For each foreground primitve, $\mathbf{o}_i=\{\mathbf{s}_i, \mathbf{R}_i, \mathbf{t}_i, \mathbf{\phi}_i\}$ with $\mathbf{s}_i, \mathbf{R}_i, \mathbf{t}_i$ determining its pose and $\mathbf{\phi}_i$ encoding its appearance.
This allows us to manipulate each primitive individually while existing 3D-aware GANs consider the 3D scene as a whole.

### Why primitives and not explicit 3D objects?

You might also wonder why do we learn a set of abstract primitives instead of directly learning the explicit 3D shape and appearance. In the latter case, the projected 3D primitives can be directly composed as a 2D image that is fed into the discriminator, i.e., without requiring a 2D Generator. We tried this method by learning deformable 3D spheres. We found this method works to some extent, however, it leads to low image fidelity as learning the accurate 3D shape and appearance by deforming spheres is very challenging.

### What type of primitives should we use?

The next question is what type of primitive is suited for this task.
This is an open question and we experimented with different 3D representations, including **point clouds**, **cuboids** and **spheres**.

We found these primitives perform very similar in practice.

But what are the advantages of using 3D primitives? Why don’t we use 2D primitives? Firstly, the 2D primitives provides us only controllability over 2D translations. Secondly, the pose parameters of objects in real-world include both translations and rotations. We experimentally observe that ignoring the rotation in the model leads to entangled latent representations, i.e., objects might rotate while being translated.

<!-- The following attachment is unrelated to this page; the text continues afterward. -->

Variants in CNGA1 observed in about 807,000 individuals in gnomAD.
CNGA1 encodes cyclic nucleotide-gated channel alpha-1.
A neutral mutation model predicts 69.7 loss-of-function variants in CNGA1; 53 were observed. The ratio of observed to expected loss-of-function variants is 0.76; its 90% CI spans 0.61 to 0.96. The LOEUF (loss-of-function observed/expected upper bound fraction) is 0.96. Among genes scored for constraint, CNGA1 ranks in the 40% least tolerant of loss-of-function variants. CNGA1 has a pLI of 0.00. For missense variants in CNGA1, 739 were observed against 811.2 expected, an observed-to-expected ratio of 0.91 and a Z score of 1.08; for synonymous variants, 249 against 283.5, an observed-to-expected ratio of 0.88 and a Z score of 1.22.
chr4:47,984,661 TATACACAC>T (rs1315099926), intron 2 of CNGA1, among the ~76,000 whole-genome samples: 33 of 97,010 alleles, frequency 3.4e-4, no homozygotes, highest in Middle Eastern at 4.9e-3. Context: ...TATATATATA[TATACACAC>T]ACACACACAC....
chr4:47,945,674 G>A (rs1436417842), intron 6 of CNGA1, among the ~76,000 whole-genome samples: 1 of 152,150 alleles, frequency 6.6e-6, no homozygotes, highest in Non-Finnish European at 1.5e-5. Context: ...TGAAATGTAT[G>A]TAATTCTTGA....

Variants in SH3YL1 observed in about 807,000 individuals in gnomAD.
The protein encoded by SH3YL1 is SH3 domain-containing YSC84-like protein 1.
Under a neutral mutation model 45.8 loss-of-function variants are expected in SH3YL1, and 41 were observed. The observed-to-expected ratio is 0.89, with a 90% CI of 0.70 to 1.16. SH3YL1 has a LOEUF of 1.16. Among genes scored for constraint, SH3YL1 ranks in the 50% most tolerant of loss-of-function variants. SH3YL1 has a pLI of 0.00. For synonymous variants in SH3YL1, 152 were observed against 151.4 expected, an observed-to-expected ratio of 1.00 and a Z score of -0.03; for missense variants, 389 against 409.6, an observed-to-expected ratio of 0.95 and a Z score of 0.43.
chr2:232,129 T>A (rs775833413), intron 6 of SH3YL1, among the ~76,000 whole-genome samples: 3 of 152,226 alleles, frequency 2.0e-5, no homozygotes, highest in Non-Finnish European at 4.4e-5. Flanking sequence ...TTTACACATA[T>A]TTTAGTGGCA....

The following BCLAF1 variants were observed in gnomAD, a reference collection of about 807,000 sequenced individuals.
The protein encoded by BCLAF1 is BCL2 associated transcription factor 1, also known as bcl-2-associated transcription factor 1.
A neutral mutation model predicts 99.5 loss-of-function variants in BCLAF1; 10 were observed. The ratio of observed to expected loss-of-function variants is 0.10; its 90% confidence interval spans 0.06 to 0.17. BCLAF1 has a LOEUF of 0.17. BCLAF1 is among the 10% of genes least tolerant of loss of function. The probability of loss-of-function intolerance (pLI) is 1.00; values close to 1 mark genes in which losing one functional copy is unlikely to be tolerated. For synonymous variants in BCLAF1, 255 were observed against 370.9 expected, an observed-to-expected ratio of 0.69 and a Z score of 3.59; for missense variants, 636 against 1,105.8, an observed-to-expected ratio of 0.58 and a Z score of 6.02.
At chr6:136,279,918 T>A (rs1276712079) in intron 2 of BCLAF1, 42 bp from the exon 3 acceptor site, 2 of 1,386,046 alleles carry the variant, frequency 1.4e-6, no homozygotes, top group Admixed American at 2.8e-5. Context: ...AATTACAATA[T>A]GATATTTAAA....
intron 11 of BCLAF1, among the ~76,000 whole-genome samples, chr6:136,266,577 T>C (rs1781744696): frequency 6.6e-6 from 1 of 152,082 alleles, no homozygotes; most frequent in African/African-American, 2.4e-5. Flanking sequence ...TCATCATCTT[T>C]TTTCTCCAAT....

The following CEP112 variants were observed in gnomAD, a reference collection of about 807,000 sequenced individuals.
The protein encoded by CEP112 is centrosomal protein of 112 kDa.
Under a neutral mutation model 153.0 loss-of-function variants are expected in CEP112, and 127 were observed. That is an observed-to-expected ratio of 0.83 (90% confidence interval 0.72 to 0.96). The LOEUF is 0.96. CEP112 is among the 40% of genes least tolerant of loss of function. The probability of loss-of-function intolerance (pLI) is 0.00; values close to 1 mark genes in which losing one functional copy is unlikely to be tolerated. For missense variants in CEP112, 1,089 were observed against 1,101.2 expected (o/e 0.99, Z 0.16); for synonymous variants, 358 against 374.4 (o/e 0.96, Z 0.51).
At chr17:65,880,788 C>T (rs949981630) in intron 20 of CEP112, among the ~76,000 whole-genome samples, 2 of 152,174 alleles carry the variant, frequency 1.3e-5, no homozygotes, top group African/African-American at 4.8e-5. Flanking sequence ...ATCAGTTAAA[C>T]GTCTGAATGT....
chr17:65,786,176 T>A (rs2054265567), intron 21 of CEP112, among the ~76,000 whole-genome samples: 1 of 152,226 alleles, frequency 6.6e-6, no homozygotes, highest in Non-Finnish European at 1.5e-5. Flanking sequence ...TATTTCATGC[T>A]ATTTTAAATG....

### How does the 2D Generator work?

We take the projected primitives $\{\mathbf{X}_i, \mathbf{A}_i, \mathbf{D}_i\}$ as input to a 2D Generator which generates photorealistic images $\mathbf{X}'_i$ as well as refined silhouettes $\mathbf{A}'_i$ and depth maps $\mathbf{D}'_i$. Specifically, each projected primitive is fed into the 2D Generator independently with shared weights. This allows us to learn a shared 2D Generator across different objects in the same scene. We then compose the outputs of the 2D generator using alpha composition according to the depth of the projected primitives.

### How do we train the model?

We train our model with an adversarial loss conditioned on the foreground/background label.
This enforces the background primitive $\mathbf{o}_{bg}$ to represent the scene background.
Without the label condition, the model could generate both the foreground and the background using $\mathbf{o}_{bg}$ alone.
Note that we need a set of **unpaired** pure background images for training.

We consider two regularization terms in addition to the adversarial loss. The first is a compactness loss defined on the projected primitives to enforce the 3D primitives to tightly enclose the objects. The second is a geometric consistency loss to regularize the consistency of the objects across different poses.

## Further Information

To learn more about our work, check out our video here:

You can find more information (including the paper and supplementary) on our project page. Our source code is also released. We are happy to receive your feedback!

```
@inproceedings{Liao2020CVPR,
title = {Towards Unsupervised Learning of Generative Models for 3D Controllable Image Synthesis},
author = {Liao, Yiyi and Schwarz, Katja and Mescheder, Lars and Geiger, Andreas},
booktitle = { Proceedings IEEE Conf. on Computer Vision and Pattern Recognition (CVPR)},
year = {2020}
}
```